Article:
Voice/Vision Holocaust Survivor Oral History Archive

Leo Liffman - May 15, 1985

Pre-War Life and Anti-Semitism

Could you tell me your name and where you're from please?

Uh, my name is Leo Liffman. I was born and raised in Germany. Wiesbaden, which is near Frankfurt. Matter of fact, there's a large Air Force base right near my home...former hometown. I came from there into the United States, with stops in between, naturally.

Uh, when did you come to the United States?

Nineteen hundred and thirty-nine.

Do you remember the years in the Weimar Republic, the 1920s?

Yes, I sure do. It was pretty much my formative years when I started to go to school and uh, live through these years.

What... Tell me what, what was like life, life like in the 1920s in Wiesbaden?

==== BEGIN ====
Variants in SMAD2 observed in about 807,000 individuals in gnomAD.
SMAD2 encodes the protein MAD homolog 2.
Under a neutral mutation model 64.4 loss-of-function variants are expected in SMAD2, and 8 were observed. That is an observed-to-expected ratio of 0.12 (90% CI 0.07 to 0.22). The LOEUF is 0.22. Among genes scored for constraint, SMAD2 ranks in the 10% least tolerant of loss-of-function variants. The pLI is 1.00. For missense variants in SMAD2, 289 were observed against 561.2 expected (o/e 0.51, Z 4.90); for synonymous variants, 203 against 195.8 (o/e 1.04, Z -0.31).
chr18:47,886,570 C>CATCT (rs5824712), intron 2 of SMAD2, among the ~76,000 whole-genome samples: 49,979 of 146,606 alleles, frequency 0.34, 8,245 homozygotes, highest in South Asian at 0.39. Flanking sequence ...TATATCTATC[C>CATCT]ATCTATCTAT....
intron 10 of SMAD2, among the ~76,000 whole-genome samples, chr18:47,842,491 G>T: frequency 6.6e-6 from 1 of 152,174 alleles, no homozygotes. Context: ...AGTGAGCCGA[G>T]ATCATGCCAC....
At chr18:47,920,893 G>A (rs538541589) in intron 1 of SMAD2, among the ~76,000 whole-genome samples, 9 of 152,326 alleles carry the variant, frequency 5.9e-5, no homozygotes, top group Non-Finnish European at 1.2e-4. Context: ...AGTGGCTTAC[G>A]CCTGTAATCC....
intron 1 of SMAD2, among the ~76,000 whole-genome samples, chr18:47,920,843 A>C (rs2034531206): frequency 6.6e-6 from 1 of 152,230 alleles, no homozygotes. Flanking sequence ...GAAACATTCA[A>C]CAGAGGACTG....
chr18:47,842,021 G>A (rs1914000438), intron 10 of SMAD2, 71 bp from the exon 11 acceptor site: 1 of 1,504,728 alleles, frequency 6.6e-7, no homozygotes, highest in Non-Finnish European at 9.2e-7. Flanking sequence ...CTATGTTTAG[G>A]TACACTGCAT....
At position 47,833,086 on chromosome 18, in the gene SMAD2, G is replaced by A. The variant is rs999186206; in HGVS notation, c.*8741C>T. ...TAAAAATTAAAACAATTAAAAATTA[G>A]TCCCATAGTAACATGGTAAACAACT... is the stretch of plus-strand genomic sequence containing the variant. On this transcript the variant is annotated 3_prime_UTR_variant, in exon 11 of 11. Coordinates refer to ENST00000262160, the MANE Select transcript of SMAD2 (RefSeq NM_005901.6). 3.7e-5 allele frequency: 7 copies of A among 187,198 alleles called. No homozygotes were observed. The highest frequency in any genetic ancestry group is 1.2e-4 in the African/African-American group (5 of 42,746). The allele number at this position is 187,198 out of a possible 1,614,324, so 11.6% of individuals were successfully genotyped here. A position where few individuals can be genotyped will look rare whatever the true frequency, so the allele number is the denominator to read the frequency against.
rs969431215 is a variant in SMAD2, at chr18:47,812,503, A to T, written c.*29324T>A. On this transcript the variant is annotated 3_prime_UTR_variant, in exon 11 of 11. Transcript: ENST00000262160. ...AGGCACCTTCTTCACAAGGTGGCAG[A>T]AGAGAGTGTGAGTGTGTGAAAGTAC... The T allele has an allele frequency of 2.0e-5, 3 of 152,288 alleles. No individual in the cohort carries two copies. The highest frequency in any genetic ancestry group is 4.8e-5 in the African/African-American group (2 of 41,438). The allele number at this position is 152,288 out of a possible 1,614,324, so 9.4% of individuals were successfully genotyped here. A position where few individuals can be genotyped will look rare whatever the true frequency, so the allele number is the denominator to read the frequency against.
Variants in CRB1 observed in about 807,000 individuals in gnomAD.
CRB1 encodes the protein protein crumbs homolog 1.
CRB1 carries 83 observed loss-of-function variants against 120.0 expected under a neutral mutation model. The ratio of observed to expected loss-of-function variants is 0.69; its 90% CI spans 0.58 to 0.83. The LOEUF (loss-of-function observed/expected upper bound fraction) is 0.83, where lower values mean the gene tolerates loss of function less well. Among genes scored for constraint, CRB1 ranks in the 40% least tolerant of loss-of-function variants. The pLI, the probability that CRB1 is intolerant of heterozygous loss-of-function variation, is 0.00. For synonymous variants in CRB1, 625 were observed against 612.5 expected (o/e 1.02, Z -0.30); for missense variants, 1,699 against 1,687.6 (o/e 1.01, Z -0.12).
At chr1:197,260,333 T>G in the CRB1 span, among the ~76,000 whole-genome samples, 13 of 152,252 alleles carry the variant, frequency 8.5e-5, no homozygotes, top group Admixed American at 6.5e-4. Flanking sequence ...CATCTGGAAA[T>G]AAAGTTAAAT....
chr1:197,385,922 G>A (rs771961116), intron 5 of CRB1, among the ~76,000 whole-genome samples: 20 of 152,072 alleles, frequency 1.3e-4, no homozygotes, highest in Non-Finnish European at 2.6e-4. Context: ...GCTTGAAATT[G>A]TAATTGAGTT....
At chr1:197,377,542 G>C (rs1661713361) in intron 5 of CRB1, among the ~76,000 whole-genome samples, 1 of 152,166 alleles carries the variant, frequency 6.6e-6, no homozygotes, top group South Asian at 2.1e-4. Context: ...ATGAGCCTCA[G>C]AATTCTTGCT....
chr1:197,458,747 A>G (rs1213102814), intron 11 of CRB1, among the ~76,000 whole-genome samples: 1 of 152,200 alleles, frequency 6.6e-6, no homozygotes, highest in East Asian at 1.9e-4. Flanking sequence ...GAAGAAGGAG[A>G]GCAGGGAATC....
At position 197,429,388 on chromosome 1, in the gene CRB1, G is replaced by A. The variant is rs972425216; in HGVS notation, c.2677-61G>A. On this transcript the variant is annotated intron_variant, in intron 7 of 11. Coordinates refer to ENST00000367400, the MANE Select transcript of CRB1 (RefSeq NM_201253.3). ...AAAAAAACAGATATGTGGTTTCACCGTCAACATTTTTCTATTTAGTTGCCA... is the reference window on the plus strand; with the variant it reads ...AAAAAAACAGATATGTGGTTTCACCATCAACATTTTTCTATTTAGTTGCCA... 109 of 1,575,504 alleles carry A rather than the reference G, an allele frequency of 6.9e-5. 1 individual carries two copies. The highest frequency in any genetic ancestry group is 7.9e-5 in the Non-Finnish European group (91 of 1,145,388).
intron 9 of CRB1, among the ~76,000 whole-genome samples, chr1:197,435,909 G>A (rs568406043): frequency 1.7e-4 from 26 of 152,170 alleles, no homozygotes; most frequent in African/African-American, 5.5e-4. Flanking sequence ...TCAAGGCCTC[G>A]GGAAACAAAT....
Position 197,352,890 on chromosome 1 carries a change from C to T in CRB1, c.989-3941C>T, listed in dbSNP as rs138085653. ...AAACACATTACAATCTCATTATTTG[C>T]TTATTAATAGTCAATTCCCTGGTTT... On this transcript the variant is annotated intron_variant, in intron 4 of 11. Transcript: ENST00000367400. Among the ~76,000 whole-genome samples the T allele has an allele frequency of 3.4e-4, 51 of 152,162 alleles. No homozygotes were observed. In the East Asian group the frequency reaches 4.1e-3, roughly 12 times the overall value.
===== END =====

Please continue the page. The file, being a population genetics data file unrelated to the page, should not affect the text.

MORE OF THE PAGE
Well, actually, I should say there are two things parallel going in my life as a young fellow, as a young boy, was uh, nothing unusual except that in around nineteen hundred and twenty, nineteen hundred and twenty-one, I was first faced with anti-Semitism. Not only in school but publications started to name Jews and Communists in one breath and one heard about the so-called dolchstoßlegende "the stab in the back". The Jews and Communists were responsible for the lost war in nineteen hundred and nineteen, 1918, 1919, the First World War. And my first experience basically to be faced with the fact that I am Jewish, came comparatively early, nineteen hundred and twenty, nineteen hundred and twenty-one, I would say. I was in the third, fourth grade, something like that. And as you most likely know, the curriculum in, in German schools is a little bit different than here, where the religious instruction was part of the uh, daily plan of hours. So, it so happened the Catholics had a, a priest coming in giving to their people, religious instruction and Protestants had somebody and we as Jews had a Rabbi coming in giving our instruction. It was around uh, Easter time, nineteen hundred and twenty or nineteen hundred and twenty-one that for some reason Rabbi one day could not come and instruct two Jewish kids, that was all in our class with Jewish...two Jews against thirty uh, Christian people, couldn't come, so we were invited by the Protestant instructor to attend his class. Whether or not they were only, uh... What was behind to invite us, whether it was goodwill or just matter of uh, as I said, a matter of courtesy or whether he wanted to show us what the Christians think about Jews, I don't know that, I mean, I was too young to fathom that. However, being Easter time, a lot of time was spent by him to explain the role of the Jews in the Jesus Christ story and ending up with the fact and stating that the Jews were responsible for crucifying Christ and that...Then he asked the class, he said, "So who must we...Who must we hate?" About eighteen or twenty kids yelled out, "The Jews." That was the first time, I mean, I know I was Jewish but that I was supposed to be hated because of the Christ story, that was a strange situation to me and a very unpleasant experience because everybody looked at us in a different light. Really. The College, other Jewish boy that was in with me, his name happened to be Freddie, I don't know what happened to him but I don't forget that. I, I won't ever forget that, too impressive.